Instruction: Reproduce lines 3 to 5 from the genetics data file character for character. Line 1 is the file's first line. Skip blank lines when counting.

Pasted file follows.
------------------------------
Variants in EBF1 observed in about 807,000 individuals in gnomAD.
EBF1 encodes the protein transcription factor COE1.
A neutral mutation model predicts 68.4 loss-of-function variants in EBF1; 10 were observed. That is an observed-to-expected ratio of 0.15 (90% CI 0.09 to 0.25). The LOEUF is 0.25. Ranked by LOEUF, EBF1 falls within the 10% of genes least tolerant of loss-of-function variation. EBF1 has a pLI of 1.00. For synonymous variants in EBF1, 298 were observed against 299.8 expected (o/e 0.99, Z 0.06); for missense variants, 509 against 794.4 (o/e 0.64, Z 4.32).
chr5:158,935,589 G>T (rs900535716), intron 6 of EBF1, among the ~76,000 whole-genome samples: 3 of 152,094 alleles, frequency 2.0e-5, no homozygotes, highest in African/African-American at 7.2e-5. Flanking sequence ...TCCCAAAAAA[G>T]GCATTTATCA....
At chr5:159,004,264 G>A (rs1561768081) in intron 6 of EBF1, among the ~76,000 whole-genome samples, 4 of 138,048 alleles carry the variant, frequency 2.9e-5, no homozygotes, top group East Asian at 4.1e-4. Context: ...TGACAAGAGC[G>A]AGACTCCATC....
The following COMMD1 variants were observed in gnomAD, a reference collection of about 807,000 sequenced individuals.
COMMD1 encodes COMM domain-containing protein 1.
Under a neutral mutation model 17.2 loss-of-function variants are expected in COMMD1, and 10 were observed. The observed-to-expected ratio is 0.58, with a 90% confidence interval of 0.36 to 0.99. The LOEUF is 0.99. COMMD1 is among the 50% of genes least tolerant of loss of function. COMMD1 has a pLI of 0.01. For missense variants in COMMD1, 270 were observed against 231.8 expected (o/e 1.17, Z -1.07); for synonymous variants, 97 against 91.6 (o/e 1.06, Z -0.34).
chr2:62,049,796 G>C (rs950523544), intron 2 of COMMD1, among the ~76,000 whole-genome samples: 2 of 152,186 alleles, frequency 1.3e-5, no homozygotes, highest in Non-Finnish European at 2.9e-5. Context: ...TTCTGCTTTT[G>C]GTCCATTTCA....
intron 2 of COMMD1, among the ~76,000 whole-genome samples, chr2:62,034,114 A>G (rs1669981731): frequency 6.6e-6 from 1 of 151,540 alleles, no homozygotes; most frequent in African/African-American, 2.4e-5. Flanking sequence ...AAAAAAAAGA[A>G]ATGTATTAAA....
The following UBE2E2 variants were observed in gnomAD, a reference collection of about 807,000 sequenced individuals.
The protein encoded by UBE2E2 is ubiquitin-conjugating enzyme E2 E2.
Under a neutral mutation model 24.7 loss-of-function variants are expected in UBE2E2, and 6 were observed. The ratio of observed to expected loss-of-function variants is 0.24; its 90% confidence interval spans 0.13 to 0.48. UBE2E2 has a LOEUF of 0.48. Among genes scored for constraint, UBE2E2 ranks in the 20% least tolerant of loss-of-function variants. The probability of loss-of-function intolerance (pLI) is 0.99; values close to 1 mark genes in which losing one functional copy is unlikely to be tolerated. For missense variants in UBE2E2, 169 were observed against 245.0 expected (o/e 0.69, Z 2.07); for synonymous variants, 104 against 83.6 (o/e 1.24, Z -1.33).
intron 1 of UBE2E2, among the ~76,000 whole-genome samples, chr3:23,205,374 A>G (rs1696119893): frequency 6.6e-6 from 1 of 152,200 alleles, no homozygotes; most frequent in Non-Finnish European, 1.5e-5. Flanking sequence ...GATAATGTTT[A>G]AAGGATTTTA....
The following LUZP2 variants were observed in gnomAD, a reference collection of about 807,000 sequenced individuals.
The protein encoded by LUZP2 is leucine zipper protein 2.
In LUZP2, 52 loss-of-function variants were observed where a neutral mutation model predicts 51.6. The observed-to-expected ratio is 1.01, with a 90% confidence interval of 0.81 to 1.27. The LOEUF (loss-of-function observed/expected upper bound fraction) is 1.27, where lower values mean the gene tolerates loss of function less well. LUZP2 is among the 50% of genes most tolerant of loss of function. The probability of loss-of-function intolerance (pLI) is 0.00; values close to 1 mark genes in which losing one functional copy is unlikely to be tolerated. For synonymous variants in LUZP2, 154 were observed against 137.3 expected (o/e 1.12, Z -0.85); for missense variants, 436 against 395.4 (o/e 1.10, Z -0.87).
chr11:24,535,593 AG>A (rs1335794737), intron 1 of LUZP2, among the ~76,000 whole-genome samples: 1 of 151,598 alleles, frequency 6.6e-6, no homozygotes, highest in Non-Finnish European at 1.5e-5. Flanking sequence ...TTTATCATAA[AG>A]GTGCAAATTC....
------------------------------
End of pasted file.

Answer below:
A neutral mutation model predicts 68.4 loss-of-function variants in EBF1; 10 were observed. That is an observed-to-expected ratio of 0.15 (90% CI 0.09 to 0.25). The LOEUF is 0.25. Ranked by LOEUF, EBF1 falls within the 10% of genes least tolerant of loss-of-function variation. EBF1 has a pLI of 1.00. For synonymous variants in EBF1, 298 were observed against 299.8 expected (o/e 0.99, Z 0.06); for missense variants, 509 against 794.4 (o/e 0.64, Z 4.32).
chr5:158,935,589 G>T (rs900535716), intron 6 of EBF1, among the ~76,000 whole-genome samples: 3 of 152,094 alleles, frequency 2.0e-5, no homozygotes, highest in African/African-American at 7.2e-5. Flanking sequence ...TCCCAAAAAA[G>T]GCATTTATCA....
At chr5:159,004,264 G>A (rs1561768081) in intron 6 of EBF1, among the ~76,000 whole-genome samples, 4 of 138,048 alleles carry the variant, frequency 2.9e-5, no homozygotes, top group East Asian at 4.1e-4. Context: ...TGACAAGAGC[G>A]AGACTCCATC....